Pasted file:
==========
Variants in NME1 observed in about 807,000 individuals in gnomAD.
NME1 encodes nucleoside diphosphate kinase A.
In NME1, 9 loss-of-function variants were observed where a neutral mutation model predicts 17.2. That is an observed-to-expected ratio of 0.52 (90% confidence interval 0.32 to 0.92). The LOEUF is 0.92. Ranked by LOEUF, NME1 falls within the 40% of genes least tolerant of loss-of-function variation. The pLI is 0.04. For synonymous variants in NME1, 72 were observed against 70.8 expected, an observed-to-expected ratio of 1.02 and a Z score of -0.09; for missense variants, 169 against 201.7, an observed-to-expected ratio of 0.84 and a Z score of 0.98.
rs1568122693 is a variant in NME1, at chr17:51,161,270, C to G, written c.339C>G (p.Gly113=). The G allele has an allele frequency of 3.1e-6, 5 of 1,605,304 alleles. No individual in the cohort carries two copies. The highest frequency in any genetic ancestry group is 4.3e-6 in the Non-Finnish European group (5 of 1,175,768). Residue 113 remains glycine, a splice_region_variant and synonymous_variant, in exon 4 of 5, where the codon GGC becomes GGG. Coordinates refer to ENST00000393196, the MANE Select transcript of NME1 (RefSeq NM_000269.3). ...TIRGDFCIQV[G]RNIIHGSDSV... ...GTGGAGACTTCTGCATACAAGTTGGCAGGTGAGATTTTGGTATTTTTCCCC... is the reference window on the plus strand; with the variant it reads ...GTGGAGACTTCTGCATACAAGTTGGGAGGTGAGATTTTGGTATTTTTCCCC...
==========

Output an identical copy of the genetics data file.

Variants in NME1 observed in about 807,000 individuals in gnomAD.
NME1 encodes nucleoside diphosphate kinase A.
In NME1, 9 loss-of-function variants were observed where a neutral mutation model predicts 17.2. That is an observed-to-expected ratio of 0.52 (90% confidence interval 0.32 to 0.92). The LOEUF is 0.92. Ranked by LOEUF, NME1 falls within the 40% of genes least tolerant of loss-of-function variation. The pLI is 0.04. For synonymous variants in NME1, 72 were observed against 70.8 expected, an observed-to-expected ratio of 1.02 and a Z score of -0.09; for missense variants, 169 against 201.7, an observed-to-expected ratio of 0.84 and a Z score of 0.98.
rs1568122693 is a variant in NME1, at chr17:51,161,270, C to G, written c.339C>G (p.Gly113=). The G allele has an allele frequency of 3.1e-6, 5 of 1,605,304 alleles. No individual in the cohort carries two copies. The highest frequency in any genetic ancestry group is 4.3e-6 in the Non-Finnish European group (5 of 1,175,768). Residue 113 remains glycine, a splice_region_variant and synonymous_variant, in exon 4 of 5, where the codon GGC becomes GGG. Coordinates refer to ENST00000393196, the MANE Select transcript of NME1 (RefSeq NM_000269.3). ...TIRGDFCIQV[G]RNIIHGSDSV... ...GTGGAGACTTCTGCATACAAGTTGGCAGGTGAGATTTTGGTATTTTTCCCC... is the reference window on the plus strand; with the variant it reads ...GTGGAGACTTCTGCATACAAGTTGGGAGGTGAGATTTTGGTATTTTTCCCC...